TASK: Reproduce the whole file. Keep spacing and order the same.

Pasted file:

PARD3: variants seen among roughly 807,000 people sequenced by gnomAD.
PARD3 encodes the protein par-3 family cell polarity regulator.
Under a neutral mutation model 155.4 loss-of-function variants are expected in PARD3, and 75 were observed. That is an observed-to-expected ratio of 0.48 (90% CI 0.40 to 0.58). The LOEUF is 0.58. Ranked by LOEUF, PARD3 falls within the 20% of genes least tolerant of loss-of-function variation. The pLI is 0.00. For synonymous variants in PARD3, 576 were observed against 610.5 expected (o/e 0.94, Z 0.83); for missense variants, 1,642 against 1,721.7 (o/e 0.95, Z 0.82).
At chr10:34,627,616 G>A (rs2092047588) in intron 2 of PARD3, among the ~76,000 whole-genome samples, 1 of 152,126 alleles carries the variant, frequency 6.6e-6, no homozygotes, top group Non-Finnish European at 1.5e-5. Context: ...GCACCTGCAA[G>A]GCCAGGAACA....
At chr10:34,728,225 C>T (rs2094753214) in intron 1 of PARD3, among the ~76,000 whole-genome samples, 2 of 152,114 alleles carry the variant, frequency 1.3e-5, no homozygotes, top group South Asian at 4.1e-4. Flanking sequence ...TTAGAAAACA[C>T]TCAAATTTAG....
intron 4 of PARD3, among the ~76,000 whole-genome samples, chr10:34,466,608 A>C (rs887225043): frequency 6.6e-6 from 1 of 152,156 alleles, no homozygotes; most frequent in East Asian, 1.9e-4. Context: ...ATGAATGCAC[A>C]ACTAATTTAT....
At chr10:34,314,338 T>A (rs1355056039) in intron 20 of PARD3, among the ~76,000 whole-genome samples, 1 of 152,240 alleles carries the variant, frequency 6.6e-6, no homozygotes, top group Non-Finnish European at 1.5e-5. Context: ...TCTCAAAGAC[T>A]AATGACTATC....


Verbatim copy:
PARD3: variants seen among roughly 807,000 people sequenced by gnomAD.
PARD3 encodes the protein par-3 family cell polarity regulator.
Under a neutral mutation model 155.4 loss-of-function variants are expected in PARD3, and 75 were observed. That is an observed-to-expected ratio of 0.48 (90% CI 0.40 to 0.58). The LOEUF is 0.58. Ranked by LOEUF, PARD3 falls within the 20% of genes least tolerant of loss-of-function variation. The pLI is 0.00. For synonymous variants in PARD3, 576 were observed against 610.5 expected (o/e 0.94, Z 0.83); for missense variants, 1,642 against 1,721.7 (o/e 0.95, Z 0.82).
At chr10:34,627,616 G>A (rs2092047588) in intron 2 of PARD3, among the ~76,000 whole-genome samples, 1 of 152,126 alleles carries the variant, frequency 6.6e-6, no homozygotes, top group Non-Finnish European at 1.5e-5. Context: ...GCACCTGCAA[G>A]GCCAGGAACA....
At chr10:34,728,225 C>T (rs2094753214) in intron 1 of PARD3, among the ~76,000 whole-genome samples, 2 of 152,114 alleles carry the variant, frequency 1.3e-5, no homozygotes, top group South Asian at 4.1e-4. Flanking sequence ...TTAGAAAACA[C>T]TCAAATTTAG....
intron 4 of PARD3, among the ~76,000 whole-genome samples, chr10:34,466,608 A>C (rs887225043): frequency 6.6e-6 from 1 of 152,156 alleles, no homozygotes; most frequent in East Asian, 1.9e-4. Context: ...ATGAATGCAC[A>C]ACTAATTTAT....
At chr10:34,314,338 T>A (rs1355056039) in intron 20 of PARD3, among the ~76,000 whole-genome samples, 1 of 152,240 alleles carries the variant, frequency 6.6e-6, no homozygotes, top group Non-Finnish European at 1.5e-5. Context: ...TCTCAAAGAC[T>A]AATGACTATC....